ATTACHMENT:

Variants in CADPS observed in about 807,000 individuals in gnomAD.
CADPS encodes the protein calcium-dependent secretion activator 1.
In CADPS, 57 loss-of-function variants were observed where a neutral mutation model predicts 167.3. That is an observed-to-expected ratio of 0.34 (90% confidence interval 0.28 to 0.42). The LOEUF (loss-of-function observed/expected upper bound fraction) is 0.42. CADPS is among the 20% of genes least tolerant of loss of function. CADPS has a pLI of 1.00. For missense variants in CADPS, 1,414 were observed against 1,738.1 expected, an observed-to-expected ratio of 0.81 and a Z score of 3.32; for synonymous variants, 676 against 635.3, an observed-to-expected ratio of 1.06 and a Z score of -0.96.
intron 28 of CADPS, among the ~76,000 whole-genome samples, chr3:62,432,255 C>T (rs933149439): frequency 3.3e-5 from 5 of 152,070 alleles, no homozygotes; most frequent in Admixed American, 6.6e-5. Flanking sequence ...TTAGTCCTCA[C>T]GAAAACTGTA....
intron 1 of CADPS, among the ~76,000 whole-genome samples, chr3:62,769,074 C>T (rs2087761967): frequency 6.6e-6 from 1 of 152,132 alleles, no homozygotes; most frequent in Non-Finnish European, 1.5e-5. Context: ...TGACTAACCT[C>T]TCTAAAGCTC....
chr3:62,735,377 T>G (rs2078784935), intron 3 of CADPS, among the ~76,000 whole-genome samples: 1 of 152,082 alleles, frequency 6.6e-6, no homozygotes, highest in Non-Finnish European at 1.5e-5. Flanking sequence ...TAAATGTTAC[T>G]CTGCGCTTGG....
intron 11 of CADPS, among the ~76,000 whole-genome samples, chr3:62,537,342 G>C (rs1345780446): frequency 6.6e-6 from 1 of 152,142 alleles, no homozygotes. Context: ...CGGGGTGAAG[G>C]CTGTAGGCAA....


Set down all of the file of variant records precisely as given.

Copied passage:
Variants in CADPS observed in about 807,000 individuals in gnomAD.
CADPS encodes the protein calcium-dependent secretion activator 1.
In CADPS, 57 loss-of-function variants were observed where a neutral mutation model predicts 167.3. That is an observed-to-expected ratio of 0.34 (90% confidence interval 0.28 to 0.42). The LOEUF (loss-of-function observed/expected upper bound fraction) is 0.42. CADPS is among the 20% of genes least tolerant of loss of function. CADPS has a pLI of 1.00. For missense variants in CADPS, 1,414 were observed against 1,738.1 expected, an observed-to-expected ratio of 0.81 and a Z score of 3.32; for synonymous variants, 676 against 635.3, an observed-to-expected ratio of 1.06 and a Z score of -0.96.
intron 28 of CADPS, among the ~76,000 whole-genome samples, chr3:62,432,255 C>T (rs933149439): frequency 3.3e-5 from 5 of 152,070 alleles, no homozygotes; most frequent in Admixed American, 6.6e-5. Flanking sequence ...TTAGTCCTCA[C>T]GAAAACTGTA....
intron 1 of CADPS, among the ~76,000 whole-genome samples, chr3:62,769,074 C>T (rs2087761967): frequency 6.6e-6 from 1 of 152,132 alleles, no homozygotes; most frequent in Non-Finnish European, 1.5e-5. Context: ...TGACTAACCT[C>T]TCTAAAGCTC....
chr3:62,735,377 T>G (rs2078784935), intron 3 of CADPS, among the ~76,000 whole-genome samples: 1 of 152,082 alleles, frequency 6.6e-6, no homozygotes, highest in Non-Finnish European at 1.5e-5. Flanking sequence ...TAAATGTTAC[T>G]CTGCGCTTGG....
intron 11 of CADPS, among the ~76,000 whole-genome samples, chr3:62,537,342 G>C (rs1345780446): frequency 6.6e-6 from 1 of 152,142 alleles, no homozygotes. Context: ...CGGGGTGAAG[G>C]CTGTAGGCAA....